Tooele Transcript Bulletin – News in Tooele, Utah

April 23, 2013
The Thief and the Liar

(a West African tale)

Once upon a time, a thief came upon a man in the forest who was staring up at the sky.

“What are you looking at?” asked the thief.

“Ah, I’ve just seen a jaguar flying,” said the liar. “And I’m waiting for him to come down. I’d like to study his wings.”

The thief smiled. “You and I must form a partnership,” he said. “All it takes to make a fortune is one thief and one liar, and since I am a thief, we’ll make a fine pair.”

The liar liked this idea; so together they set out to see the king of a neighboring country. As they walked, they plotted.

When they reached the palace, the liar hid in the forest while the thief went to see the king.

“Your highness,” the thief said, “let us have a feast together.”

“Impossible,” the king said. “We have a terrible drought, and we have no crops even for ourselves.”

“How odd,” the thief said. “I have just come from a country so rich in crops, everyone is drowning in food.”

The king did not believe the thief, but the thief insisted.

“Let us bet,” the thief said, and the king decided to wager 300 gold coins because he was certain the drought had destroyed crops far and wide.

The king sent a servant to travel to the land to see if what the thief said was true.

As the servant rode through the forest, the liar stepped out from behind a tree and said, “Where are you going?”

When the servant answered, the liar said, “I have just come from that country.”

“Well,” said the servant, “how are the crops growing there?”

“Ah, every crop is growing so tall and so strong,” the liar answered, “it takes two dozen men to harvest each plant.”

To save himself from the long journey, the servant asked the liar to come to the palace to tell his king the news, and the liar agreed.

When the liar explained everything to the king, the king was astonished. But he was an honest man, so he paid the thief 300 gold coins.

The thief and the liar departed and traveled on to the next kingdom, where they pulled the same trick. This time the liar told tales of cauliflower so large, one head needed 12 wagons to carry it to market.

In the next kingdom, the thief told a tale of a kingdom with a church steeple so high a bird alighted on it and was able to peck at the stars.

“Some stars fell from the sky,” the thief said.

The king bet the greedy thief 10,000 gold coins that this was not true. Naturally, he sent his servant to find out. The servant came upon the liar, who told him he was indeed from the country with the tall church steeple. The servant asked if the story of the bird and the stars was true.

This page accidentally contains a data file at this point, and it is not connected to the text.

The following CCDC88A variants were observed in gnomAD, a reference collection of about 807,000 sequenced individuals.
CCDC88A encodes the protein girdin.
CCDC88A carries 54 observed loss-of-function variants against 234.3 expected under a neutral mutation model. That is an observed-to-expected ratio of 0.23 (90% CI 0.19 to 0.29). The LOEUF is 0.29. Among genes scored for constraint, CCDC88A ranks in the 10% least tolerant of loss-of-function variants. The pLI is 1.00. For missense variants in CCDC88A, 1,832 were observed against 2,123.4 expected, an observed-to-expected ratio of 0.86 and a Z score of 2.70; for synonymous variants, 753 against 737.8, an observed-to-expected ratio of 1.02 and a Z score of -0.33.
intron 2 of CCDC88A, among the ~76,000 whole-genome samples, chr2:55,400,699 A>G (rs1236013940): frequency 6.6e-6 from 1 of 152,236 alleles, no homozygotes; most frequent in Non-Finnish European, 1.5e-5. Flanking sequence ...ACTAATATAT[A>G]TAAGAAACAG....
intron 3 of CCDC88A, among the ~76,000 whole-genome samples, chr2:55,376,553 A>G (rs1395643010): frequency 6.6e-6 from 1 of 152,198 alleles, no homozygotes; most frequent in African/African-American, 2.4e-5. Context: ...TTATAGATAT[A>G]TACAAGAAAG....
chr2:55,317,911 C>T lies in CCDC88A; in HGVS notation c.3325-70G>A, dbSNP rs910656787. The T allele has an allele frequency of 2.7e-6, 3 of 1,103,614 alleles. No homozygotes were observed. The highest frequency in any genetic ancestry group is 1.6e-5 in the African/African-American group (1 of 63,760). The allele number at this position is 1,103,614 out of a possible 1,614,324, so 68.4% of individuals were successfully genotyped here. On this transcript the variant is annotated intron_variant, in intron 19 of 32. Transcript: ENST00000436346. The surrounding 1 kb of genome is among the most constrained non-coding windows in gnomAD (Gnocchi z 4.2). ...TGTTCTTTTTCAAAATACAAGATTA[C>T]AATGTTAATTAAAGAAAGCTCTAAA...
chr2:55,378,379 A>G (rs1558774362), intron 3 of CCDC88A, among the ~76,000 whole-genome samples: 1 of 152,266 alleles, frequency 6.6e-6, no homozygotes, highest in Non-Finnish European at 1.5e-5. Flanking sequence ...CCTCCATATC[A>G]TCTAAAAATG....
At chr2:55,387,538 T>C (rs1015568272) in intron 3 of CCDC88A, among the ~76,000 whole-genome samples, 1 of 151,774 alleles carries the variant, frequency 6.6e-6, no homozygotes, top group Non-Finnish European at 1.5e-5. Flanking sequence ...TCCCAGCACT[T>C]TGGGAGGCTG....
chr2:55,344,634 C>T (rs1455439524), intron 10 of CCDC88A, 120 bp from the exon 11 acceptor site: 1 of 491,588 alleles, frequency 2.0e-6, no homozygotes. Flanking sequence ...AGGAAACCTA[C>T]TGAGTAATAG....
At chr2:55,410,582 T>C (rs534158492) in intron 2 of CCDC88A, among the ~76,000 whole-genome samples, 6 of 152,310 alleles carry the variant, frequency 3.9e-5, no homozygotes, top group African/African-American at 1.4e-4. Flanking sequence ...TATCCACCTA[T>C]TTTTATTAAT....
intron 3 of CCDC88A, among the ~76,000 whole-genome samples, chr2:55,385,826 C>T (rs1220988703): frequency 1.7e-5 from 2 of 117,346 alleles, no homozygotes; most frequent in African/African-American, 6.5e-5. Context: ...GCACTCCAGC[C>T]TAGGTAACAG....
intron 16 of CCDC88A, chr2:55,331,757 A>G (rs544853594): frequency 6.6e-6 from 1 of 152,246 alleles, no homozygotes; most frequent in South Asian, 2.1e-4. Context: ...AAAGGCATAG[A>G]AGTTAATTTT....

“Absolutely” the liar said. “Not only that, but I saw 12 men shoving with all their might to roll a monster egg into a cellar.”

The servant came and told this story to the king, and the king paid the thief 10,000 gold coins.

The thief and the liar split their earnings into two equal parts and parted ways. Eventually they both married and built homes of their own. But one day, as the liar was counting his coins, he discovered he had been cheated. He wanted to get his fair share, and went to see the thief.

The thief greeted him warmly. When the liar accused him of cheating, the thief said, “If you come next week, I shall pay you what I owe you.”

The liar nodded silently. A week passed.

And just before the liar appeared at the thief’s door, the thief said to his wife, “I’m going to lie down. When the liar arrives, tell him I have died and you buried me.”

The thief’s wife rubbed her eyes with an onion and when the liar knocked on the door, she answered it weeping so hard she could barely speak.

“Alas, my husband died,” she said, “and we buried him in the hayloft.”

The liar knew the thief’s tricks and suspected this was not so. “Well, then, I shall take some hay for my debt,” and he went to the barn and began to toss the hay with a pitchfork, prodding it this way and that.

Afraid for his life, the thief cried, “I’ll pay next week!”

When the next week came, the thief went down into the crypt inside the chapel and stretched out as if he were dead. Once again, he’d told his wife to tell the liar he had died.

But the liar had expected this, so he walked to the chapel. Just after he walked inside, he heard some robbers outside the window plotting to hide their treasure inside the chapel while they set out on more adventures.

The liar stood very still as if he were one of the statues and watched as the robbers divided up their treasure.

There were 12 robbers, but the chief divided their gold into 13 heaps.

“There’s no time to count again,” the chief said, “so whoever strikes off the head of one of the statues with one stroke will have the 13th bundle.”

And with that he lifted an ax and approached the niche where the liar stood. Just as he waved his ax overhead, a voice from the coffin called out, “Clear out of here or the dead will arise from their coffins!”

And the thief leapt out of the coffin. The robbers were so terrified that they ran away, but they left all their gold behind.

“Will this satisfy my debt?” the thief asked the liar.

“It will indeed,” the liar said. “It’s good to be partners again.”

And so they divided the gold, but this time the liar did the dividing.

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